I support the military and all the men and women who are serving and who have served our country. I'm not arguing whether the base needed to be expanded or not, I am arguing that the government has spent millions upon millions of dollars, created millions of acres of Wilderness, and closed thousands of miles of dirt roads in order to save the desert tortoise, and then they turned around and handed over one of the last strongholds for the tortoise to the Army! If they were REALLY serious about saving the tortoise, the expansion would not have occurred, at least in that area.

It is well documented that the relocation of tortoises is getting them killed. Coyote predation was not an issue in Superior Valley, but it is a real problem in the new areas. If the government had left the tortoises where they were, the deaths would not have occurred. Yes, the coyotes are eating tortoises because their normal food is dwindling, and I am sure they are very grateful for the bounty upon which the "scientists" have bestowed upon them! Idiots!

Sal,

When a road is properly rehabilitated, it usually does not see any further traffic. I have come across several roads which have been camouflaged, and you really can't tell there was a road there. What doesn't work is to stick a "Route Closed" sign in the middle of it. That's just inviting traffic!

Lee

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castle
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Re: The Mojave Desert tortoise population is losing ground

Post by castle »

Sal wrote:
a lot of roads are gone, covered up, obliterated.
Can you name or decribe a few of these roads? I have seen where roads are supposed to be "closed" but riders keep using them. I have seen where desert roads are "restored" (covered up with tree limbs to disguise them) and riders ride them anyway, re-making the road in the process.
Pick up a road map that 15 to 20 years old, lay it over a recent map of the same area and you'll see where the roads are gone. I have a fairly recent map of California, I tried to find some of the roads that were on it [between Kelso, Fener, and Goffs} on my last trip to California. There're gone, no sign of them. What is it in the Preserve are they preserving? Not the roads that allow people to get out there and see it.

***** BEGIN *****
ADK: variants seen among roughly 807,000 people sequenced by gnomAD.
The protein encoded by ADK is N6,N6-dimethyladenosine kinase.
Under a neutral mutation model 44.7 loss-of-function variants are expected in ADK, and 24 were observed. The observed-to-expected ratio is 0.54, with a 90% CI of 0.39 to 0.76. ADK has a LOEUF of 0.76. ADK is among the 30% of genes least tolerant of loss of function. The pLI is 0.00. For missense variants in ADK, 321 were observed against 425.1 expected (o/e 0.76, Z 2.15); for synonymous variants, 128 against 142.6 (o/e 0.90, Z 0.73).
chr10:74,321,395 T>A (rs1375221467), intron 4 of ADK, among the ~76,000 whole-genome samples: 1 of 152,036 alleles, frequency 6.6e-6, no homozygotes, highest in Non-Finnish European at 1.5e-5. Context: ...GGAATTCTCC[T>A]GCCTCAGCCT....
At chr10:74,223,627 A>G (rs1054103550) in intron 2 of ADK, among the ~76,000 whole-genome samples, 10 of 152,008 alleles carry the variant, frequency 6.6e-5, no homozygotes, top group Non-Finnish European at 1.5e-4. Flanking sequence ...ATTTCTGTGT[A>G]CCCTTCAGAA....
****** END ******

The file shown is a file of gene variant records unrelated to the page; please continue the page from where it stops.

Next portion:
Sal
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Re: The Mojave Desert tortoise population is losing ground

Post by Sal »

What I notice is if I look at the Desert Access Guide from the mid 90's and compare it to the routes and roads allowed under the West Mojave Plan, there are like 3 times as many roads in the new plan. All made without going through the proper steps as set forth in the Desert Conservation Act of 1980.

Then, when BLM spends thousands of dollars of OHMVR funds on restoration like at Juniper Flats, riders just ignore the efforts and plow through the restoration.

LeeVW
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Re: The Mojave Desert tortoise population is losing ground

Post by LeeVW »

You guys are both right.

I know what Castle is saying, as I have a lot of the maps which were field checked in the seventies. Compare those to the DAGs, and you can see where the BLM has omitted roads in Wilderness Areas which were designated in 1994. They act as if the roads never existed. Contrary to popular belief, if no one drives on a dirt road, the desert reclaims it within a couple decades and it disappears.

I also know what Sal is saying. Compare the old maps with the WEMO Plan and you can see at least three times as many roads in the newer maps. There's no denying it. I know the roads are really there too, as I have driven on many of them.

The kicker is that the higher density of roads in Limited Use areas started to occur right around the time hundreds of miles of other roads got closed off due to Wilderness designation. Close off one area, the other areas get higher useage. I'm not saying this is right, it's just how it is.

Sal, I thought the majority of the restoration work was done by volunteers, such as the SCA. Did the BLM have to spend money on fences and signs? In any case, it really is a CRIME to have all that work get vandalized. If only the Sierra Club, PEER, and others would sponsor more law enforcement instead of using their wealth to sue the BLM maybe they could put a stop to such acts.

Lee